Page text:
Industrial hemp is a variety of Cannabis sativa that is different than marijuana by its use and chemical makeup. Industrial hemp refers to cannabis varieties that are primarily grown as an agricultural crop little to no drug component.
Kentucky's first hemp crop was grown in 1775, and Kentucky went on to become the nation's leading hemp-producing state in the mid-19th century with peak production of 40,000 tons in 1850. U.S. hemp production declined after the Civil War, and almost all of the nation's hemp was grown in the Bluegrass region of Kentucky. Federal legislation passed in 1938 outlawed production of cannabis, including hemp, in the U.S. Hemp production in Kentucky and the U.S. ramped up during World War II as part of the war effort but fell again after the war and ended with the demise of a small hemp fiber industry in Wisconsin in 1958.
Industrial hemp products, production, and markets
Some estimate that the global market for hemp consists of more than 25,000 products, including:
- fabrics and textiles
- yarns and raw or processed spun fibers
- home furnishings
- construction and insulation materials
- auto parts
- animal bedding
- foods and beverages
- body care products
- nutritional supplements
- industrial oils
- personal care
An estimated 55,700 metric tons of industrial hemp are produced around the world each year. China, Russia, and South Korea are the leading hemp-producing nations. They account for 70 percent of the world's industrial hemp supply.
Canada had 38,828 licensed acres of industrial hemp in 2011. Canadian exports of hemp seed and hemp products were estimated at more than $10 million, with most going to the U.S.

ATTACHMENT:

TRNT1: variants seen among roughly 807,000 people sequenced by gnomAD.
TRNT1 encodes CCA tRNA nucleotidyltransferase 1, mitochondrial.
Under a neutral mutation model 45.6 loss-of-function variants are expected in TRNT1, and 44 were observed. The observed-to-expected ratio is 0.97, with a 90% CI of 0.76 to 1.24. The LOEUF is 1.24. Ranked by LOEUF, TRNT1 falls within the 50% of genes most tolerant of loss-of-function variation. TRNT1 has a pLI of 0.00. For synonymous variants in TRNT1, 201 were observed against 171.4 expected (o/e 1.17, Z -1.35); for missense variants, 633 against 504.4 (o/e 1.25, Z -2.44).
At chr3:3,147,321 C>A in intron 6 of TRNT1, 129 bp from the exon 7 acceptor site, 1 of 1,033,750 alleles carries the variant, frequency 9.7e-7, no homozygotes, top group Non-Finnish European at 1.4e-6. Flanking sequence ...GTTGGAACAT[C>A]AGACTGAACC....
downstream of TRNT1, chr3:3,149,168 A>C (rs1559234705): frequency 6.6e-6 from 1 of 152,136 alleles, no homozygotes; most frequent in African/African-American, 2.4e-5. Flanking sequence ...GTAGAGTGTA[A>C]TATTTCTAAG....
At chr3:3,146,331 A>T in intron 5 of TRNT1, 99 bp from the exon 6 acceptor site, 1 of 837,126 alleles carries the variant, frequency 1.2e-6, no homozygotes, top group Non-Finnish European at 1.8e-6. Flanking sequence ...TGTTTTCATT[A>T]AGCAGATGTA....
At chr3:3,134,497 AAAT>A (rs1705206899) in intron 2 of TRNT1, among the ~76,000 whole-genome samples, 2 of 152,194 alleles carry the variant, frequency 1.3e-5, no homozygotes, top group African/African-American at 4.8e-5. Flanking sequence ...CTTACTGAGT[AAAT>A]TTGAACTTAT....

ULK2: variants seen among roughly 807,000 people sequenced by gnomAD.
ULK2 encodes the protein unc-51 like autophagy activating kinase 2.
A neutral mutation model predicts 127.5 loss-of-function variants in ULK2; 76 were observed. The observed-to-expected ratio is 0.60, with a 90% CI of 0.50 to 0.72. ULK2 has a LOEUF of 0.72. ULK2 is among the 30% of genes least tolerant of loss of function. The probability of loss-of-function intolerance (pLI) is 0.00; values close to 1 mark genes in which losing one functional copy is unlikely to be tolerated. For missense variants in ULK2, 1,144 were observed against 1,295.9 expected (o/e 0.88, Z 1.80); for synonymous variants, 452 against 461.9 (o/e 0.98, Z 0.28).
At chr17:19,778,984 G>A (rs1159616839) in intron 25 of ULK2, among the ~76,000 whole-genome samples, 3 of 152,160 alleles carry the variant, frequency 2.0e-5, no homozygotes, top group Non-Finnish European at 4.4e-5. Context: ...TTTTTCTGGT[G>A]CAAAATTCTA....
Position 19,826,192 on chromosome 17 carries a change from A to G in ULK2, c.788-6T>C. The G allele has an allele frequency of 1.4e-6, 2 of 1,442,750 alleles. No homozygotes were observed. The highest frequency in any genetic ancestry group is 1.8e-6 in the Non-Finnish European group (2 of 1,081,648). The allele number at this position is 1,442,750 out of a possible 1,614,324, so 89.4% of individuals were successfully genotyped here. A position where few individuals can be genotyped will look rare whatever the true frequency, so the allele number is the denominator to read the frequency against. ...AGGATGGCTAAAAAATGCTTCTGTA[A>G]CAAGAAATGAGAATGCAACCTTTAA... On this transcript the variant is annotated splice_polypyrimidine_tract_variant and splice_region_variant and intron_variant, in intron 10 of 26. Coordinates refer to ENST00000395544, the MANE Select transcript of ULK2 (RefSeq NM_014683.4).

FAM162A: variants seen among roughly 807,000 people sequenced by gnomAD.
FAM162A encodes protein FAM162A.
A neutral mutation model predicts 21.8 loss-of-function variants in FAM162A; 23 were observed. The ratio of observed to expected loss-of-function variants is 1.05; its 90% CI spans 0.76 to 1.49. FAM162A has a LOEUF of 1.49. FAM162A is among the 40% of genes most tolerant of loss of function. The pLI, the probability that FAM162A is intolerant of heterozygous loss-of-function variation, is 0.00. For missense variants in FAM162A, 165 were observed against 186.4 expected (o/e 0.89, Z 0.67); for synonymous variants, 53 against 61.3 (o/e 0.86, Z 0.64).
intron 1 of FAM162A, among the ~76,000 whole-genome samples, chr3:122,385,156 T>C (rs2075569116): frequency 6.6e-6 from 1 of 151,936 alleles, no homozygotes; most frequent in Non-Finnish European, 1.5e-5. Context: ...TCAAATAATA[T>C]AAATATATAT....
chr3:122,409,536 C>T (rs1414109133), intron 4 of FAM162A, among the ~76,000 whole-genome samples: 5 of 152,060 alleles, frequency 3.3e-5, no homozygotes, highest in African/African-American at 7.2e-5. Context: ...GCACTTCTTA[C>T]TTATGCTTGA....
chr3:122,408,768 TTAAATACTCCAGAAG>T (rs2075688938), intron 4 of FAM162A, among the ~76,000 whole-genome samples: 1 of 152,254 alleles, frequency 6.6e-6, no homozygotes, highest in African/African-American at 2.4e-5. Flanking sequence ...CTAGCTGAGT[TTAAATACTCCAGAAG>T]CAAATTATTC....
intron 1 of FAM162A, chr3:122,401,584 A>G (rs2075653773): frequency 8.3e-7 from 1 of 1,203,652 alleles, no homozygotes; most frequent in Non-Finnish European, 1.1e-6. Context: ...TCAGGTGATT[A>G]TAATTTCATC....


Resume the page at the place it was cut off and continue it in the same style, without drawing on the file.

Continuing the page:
Because there is no commercial industrial hemp production in the United States, the U.S. market is largely dependent on imports, both as finished hemp-containing products and as ingredients for use in further processing. More than 30 nations grow industrial hemp as an agricultural commodity. The United States is the only industrialized nation that does not allow industrial hemp production. Current industry estimates report that U.S. retail sales of all hemp-based products may exceed $300 million per year
U.S. law governing hemp
Under the current U.S. drug policy, all cannabis varieties, including hemp, are considered Schedule I controlled substances under the Controlled Substances Act (CSA, 21 U.S.C. §§801 et seq.; Title 21 CFR Part 1308.11). Hemp production is controlled and regulated by the U.S. Drug Enforcement Administration (DEA). It is illegal to grow hemp without a DEA permit. Cannabis varieties may be legitimately grown for research purposes only.
Several states have legalized the cultivation and research of industrial hemp, including Colorado, Hawaii, Kentucky, Maine, Maryland, Montana, North Dakota, Oregon, Vermont, Washington, and West Virginia. However, a grower still must get permission from the DEA in order to grow hemp, or face the possibility of federal charges or property confiscation, even if he or she has a state-issued permit.
Legislation filed in both houses of Congress would exclude hemp from the legal definition of marijuana. House Resolution 525 is sponsored by Rep. Thomas Massie of Kentucky and has 39 co-sponsors, including Rep. John Yarmuth of Kentucky. Senate Bill 359 is sponsored by Sen. Ron Wyden of Oregon and has four co-sponsors, including Sens. Rand Paul and Mitch McConnell of Kentucky.
This article was contributed by the Kentucky Department of Agriculture.